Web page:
Welcome to the latest installment of my blog series: Dating on the Autism Spectrum. I have shared dating tips for autistic individuals, talked about how to handle conflict, and offered tips for neurotypical partners. Today, I want to talk about the unique challenges neurodiverse women have when dating on the autism spectrum.
As an autism therapist, I am passionate about helping neurodiverse women thrive.
One of the most common things women with autism bring up about dating is their wish that their partners would be direct. They say: “I just wish they would tell me what they actually mean.” Although many autistic women are very empathetic and have a remarkable capacity for love, social nuances may still allude them. Ultimately, what may make a relationship very challenging and stressful for a woman with autism is indirect communication and sarcasm.
Likewise, their desire to communicate in a direct way may make their partners uncomfortable. Often autistic teens and adults say what comes to their mind. They may be so direct, that this makes neurotypicals uncomfortable. For example, if a woman with autism wants to recharge her social battery and spend time with her special interest, she may simply say, “I don’t want to hang out with you.” This statement can really hurt her partner if they don’t fully understand why she needs alone time.
Neurodiversity puts women at a greater risk of abuse or assault
Unfortunately, their need for direct cues can cause them to miss cues of manipulation or inappropriate sexual advances. This may lead to many women with autism being taken advantage of by their partners. In fact, a recent study shows that autistic women report being much more likely to fall victim to abuse because they prefer direct communication, lack understanding of social norms such a flirting, and they have a general lack of sexual knowledge.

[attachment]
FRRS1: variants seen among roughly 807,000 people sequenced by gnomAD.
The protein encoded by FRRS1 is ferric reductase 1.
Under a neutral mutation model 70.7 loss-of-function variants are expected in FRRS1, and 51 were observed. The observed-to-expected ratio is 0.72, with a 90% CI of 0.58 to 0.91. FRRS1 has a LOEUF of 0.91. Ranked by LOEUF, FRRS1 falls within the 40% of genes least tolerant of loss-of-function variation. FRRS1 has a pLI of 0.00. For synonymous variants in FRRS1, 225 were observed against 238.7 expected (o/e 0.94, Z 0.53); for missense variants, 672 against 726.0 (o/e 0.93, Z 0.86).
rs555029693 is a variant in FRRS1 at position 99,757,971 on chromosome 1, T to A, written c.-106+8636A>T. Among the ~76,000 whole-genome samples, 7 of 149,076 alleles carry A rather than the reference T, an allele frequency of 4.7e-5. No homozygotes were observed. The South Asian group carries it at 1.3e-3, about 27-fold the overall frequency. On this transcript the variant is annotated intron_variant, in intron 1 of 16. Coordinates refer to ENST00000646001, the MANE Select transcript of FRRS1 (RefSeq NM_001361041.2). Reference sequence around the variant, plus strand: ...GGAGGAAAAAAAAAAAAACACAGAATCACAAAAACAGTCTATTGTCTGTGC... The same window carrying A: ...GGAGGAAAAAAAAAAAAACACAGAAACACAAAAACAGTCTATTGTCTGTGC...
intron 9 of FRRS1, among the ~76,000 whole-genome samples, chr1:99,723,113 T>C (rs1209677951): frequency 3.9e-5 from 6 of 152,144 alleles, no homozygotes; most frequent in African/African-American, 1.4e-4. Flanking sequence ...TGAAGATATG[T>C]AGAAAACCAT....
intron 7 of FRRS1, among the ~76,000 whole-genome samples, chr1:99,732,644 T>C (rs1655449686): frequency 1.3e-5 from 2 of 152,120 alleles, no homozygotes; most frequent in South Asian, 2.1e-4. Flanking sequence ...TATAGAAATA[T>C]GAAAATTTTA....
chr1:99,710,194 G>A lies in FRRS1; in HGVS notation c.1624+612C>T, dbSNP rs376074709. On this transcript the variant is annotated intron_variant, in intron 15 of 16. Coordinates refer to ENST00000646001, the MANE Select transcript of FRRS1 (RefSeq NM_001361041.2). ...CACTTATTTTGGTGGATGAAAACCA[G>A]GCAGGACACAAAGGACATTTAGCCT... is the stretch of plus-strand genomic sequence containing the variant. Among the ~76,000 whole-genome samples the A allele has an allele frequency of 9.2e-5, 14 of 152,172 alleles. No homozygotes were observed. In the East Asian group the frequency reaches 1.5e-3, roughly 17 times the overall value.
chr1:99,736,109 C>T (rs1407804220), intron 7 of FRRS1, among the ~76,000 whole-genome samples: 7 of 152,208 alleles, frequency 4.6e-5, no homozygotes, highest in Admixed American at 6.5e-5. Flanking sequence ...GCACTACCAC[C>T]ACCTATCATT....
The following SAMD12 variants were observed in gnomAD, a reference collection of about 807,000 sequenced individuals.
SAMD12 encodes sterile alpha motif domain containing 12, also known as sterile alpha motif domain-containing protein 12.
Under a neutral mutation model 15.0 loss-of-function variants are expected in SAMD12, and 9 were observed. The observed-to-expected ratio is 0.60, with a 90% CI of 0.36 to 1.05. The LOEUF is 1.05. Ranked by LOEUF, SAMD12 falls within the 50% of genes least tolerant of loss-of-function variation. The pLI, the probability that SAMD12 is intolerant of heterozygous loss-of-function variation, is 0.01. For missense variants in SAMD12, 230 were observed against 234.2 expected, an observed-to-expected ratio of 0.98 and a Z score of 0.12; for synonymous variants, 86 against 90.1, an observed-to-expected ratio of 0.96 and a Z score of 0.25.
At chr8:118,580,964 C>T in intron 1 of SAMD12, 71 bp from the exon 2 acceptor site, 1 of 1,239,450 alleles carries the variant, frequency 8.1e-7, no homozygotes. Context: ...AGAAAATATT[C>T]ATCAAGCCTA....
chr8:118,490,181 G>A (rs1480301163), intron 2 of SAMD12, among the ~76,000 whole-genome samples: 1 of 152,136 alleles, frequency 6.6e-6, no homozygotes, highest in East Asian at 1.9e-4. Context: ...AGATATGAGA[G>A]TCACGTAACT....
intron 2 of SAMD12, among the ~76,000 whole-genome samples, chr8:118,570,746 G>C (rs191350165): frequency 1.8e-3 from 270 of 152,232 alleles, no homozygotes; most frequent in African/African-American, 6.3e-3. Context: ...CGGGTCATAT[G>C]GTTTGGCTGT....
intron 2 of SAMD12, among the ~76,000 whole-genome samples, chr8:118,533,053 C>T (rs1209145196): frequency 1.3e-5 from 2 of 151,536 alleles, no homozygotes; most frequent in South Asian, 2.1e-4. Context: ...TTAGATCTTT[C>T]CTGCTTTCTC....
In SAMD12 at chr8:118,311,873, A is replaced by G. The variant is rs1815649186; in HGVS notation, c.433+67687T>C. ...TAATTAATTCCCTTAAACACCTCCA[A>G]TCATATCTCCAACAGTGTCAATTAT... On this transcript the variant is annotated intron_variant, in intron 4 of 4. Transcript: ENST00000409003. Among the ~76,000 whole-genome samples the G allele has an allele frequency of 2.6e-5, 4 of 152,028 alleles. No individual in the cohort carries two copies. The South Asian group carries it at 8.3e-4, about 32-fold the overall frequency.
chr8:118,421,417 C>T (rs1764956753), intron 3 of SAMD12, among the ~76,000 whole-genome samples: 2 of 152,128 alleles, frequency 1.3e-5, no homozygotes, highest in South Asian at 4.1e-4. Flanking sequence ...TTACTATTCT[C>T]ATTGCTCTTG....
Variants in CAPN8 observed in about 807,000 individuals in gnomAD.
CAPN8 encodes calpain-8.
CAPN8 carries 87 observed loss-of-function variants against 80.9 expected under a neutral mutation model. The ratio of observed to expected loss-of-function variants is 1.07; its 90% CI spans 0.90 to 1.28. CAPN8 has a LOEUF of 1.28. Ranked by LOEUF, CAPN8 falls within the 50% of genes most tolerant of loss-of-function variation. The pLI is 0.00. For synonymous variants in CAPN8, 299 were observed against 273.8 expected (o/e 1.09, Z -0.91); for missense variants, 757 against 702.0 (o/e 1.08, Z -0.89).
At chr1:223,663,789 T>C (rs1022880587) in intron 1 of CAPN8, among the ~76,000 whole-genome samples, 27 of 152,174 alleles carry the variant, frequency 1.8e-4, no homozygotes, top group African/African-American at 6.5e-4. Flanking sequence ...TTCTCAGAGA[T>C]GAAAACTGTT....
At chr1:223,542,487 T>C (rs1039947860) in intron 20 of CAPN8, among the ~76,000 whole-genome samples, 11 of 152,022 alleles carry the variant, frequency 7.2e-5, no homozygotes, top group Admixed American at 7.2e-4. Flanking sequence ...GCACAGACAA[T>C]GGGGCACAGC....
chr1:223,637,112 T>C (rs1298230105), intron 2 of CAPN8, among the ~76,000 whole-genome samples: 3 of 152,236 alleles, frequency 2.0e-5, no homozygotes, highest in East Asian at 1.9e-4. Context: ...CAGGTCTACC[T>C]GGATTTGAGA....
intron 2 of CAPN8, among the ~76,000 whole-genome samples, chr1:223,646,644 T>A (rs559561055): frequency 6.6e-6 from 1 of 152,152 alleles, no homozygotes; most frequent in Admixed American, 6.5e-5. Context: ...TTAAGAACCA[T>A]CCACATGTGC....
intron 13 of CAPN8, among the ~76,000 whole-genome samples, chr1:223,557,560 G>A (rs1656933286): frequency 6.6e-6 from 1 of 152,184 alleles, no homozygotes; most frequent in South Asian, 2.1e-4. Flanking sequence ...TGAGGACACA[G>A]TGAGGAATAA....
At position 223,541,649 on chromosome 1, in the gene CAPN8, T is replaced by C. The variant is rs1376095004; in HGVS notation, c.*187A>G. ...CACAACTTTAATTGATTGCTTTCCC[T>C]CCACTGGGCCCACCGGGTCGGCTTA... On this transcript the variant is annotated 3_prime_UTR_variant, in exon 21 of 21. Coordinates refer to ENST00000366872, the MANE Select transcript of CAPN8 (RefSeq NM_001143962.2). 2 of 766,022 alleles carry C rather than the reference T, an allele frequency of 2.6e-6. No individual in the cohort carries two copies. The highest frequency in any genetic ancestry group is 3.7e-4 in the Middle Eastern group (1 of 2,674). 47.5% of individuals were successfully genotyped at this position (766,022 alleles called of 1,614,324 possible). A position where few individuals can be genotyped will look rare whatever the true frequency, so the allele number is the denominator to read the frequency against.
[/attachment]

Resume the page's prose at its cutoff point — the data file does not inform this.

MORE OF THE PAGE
Women who are dating on the autism spectrum may take on extreme roles in their relationships
Autistic women frequently wind up being a caretaker in their relationships
Another challenge many women on the autism spectrum have while dating is falling into the role of a caregiver to an extremely dependent partner. In my experience women with high-functioning autism find partners that have various mental or physical health concerns. This means that they become fixated on helping their partner versus attending to their own needs. Because of their amazing research skills, autistic women may read everything they can to help their partner. Unfortunately, they might be victimized by partners who prey upon their caregiving tendencies and their obsessive love for them. For example, some autistic women financially care for a needy partner because they care so deeply for them.
On the other hand, the belief that women (with or without autism) should assume the role of a caregiver can overwhelm a woman with autism. Many women with autism need alone time to focus on their special interests or recharge their social battery. Their need for alone time may alienate their partner and make their partner feel unloved or unwanted. And, this can cause major challenges in a romantic relationship.
Autistic women may use their relationship to shield them from the world
Being autistic can mean sensory overwhelm and feeling wiped out from social interactions. For some autistic women, they look for a partner who can create security and take care of everyday tasks, like grocery shopping or calling about bills. Working and dealing with these errands can be incredibly stressful for a woman with autism. It might take all day for her to muster up the courage to make a phone call due to an inherent uneasiness around talking on the phone. What can seem like a little task to others, can be extraordinarily challenging for a person on the spectrum. Unfortunately, many autistic women have few supports in life to help them navigate the social world and their overwhelm. They might seek refuge in their relationship, to shield against the world.
Women with autism often make their partner uncomfortable when their relationship is their special interest